By communicating the value proposition of rugged laptops out in the field, and by speaking the language of the CFO, controller or other decision maker, field service organizations can get the technology they need to work more efficiently and productively. This, in turn, can substantially improve the team’s effectiveness — a measure that positively impacts the customer experience.

The state of the labor market can also work in the field service leader’s favor when making a case for advanced technology investments. New technicians are hard to find and, in some cases, even more difficult to retain. Those who are forced to work with manual systems or aging tech tools will soon be looking for another employer that demonstrates a willingness to make the investment in more advanced solutions.

Here are four more strategies you can use to get buy-in for rugged technology from the decision makers in your organization:

1. Use metrics and data to paint a clear picture.

Financial executives value numbers and clear ROI estimates. It may be difficult to connect the dots between happier technicians/customers and a financial case, but you can come up with some creative ways to hit this mark. For example, if a connected, rugged laptop will speed up the time it takes for a field services tech to complete a job and the related paperwork, that worker could manage more jobs in a day. This, in turn, translates into a more efficient overall workforce. You can find detailed criteria in our Rugged Mobile Device Buyer’s Guide Checklist to help you evaluate potential mobile-device solutions for your organization.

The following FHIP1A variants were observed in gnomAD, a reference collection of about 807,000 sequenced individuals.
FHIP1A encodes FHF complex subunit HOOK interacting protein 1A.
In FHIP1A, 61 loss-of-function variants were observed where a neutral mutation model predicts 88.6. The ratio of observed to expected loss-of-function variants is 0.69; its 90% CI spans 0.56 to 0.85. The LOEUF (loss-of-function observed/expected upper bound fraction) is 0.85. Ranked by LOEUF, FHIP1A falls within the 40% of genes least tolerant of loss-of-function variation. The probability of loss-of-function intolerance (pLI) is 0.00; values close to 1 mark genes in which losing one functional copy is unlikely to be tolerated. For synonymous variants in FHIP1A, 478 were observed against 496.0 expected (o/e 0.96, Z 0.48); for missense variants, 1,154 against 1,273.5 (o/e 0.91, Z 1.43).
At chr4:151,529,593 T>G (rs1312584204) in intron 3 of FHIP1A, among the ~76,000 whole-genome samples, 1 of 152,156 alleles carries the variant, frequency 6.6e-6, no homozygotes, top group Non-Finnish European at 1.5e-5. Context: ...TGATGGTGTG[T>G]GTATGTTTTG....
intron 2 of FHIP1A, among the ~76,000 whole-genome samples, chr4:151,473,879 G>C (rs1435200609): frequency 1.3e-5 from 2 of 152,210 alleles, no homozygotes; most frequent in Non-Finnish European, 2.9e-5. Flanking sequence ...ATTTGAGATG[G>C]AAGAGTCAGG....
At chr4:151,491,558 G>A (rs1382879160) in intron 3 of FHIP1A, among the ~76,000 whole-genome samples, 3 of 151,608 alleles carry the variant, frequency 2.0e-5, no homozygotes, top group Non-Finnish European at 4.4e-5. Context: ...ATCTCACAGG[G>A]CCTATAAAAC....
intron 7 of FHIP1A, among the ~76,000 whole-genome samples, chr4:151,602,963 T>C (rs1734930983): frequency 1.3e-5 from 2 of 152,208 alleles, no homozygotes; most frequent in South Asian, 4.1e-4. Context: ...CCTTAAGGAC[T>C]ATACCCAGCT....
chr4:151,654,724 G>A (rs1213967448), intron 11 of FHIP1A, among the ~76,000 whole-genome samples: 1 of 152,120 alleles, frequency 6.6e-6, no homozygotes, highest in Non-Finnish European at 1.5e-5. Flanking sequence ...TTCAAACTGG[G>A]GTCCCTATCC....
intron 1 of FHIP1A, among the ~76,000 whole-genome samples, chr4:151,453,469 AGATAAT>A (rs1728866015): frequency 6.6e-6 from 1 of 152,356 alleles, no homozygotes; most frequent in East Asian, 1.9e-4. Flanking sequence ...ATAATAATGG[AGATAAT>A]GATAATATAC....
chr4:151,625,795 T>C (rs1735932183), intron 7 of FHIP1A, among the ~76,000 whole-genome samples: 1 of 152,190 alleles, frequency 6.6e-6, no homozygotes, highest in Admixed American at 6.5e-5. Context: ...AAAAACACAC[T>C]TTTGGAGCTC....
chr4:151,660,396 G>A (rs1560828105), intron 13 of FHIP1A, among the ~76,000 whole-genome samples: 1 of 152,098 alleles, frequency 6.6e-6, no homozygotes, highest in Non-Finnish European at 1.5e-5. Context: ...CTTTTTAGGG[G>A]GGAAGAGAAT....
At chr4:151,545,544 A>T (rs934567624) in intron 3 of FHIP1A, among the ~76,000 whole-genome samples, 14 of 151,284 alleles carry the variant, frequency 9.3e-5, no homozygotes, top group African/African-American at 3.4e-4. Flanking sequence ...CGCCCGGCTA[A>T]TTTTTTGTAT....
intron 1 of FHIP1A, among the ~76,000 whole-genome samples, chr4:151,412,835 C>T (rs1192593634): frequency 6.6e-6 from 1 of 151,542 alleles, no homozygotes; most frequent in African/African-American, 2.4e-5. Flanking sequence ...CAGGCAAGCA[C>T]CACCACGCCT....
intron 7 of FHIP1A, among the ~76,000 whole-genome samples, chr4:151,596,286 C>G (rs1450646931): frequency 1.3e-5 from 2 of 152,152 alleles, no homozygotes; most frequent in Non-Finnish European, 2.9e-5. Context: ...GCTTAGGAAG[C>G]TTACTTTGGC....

2. Focus on the top customer complaints (and how tech can solve them).

Customers expect field service companies to address issues on the first try. Conducting an effective service call requires reliable connectivity and real-time visibility into technical manuals, client account information, parts inventory, work orders, and more.  Paper-based processes foster inefficiency, but data collection, scheduling, and real-time visibility solutions help field service technicians work more efficiently and finish the job the first time.

3. Show them how other organizations are benefiting from upgrading their field service technicians.

Find customer case studies clearly outlining the benefits and ROI that field service organizations get from their rugged laptop investments. You can use these stories to create your own compelling business case, and even embed one or two of these real-life examples right into your own presentation. Use some strong before and after examples to help quantify the potential benefits and illustrate a business case for the upgrade.

4. Think beyond the immediate benefits and focus on the technology’s potential for future growth and scalability.

Position the solutions as an investment in the company’s long-term growth instead of just a cost center. For example, TOUGHBOOK rugged laptops last for many years, even when operating in harsh environments, which helps companies minimize electronic waste. Take the TOUGHBOOK G2 2-in-1 laptop, which is MIL-STD-810G and IP65 certified. Additionally, all TOUGHBOOK computers meet MIL-Spec requirements for drops and impacts, ensuring longevity in even the toughest working conditions.

Empowering Your Field Service Technicians 

Properly empowering field service technicians with technology in the field enables better customer service and more efficient, effective work. Check out our Field Services Productivity: Mobile Solutions to Optimize Operations and Build Your Business whitepaper for more information about how TOUGHBOOK devices can benefit your field teams.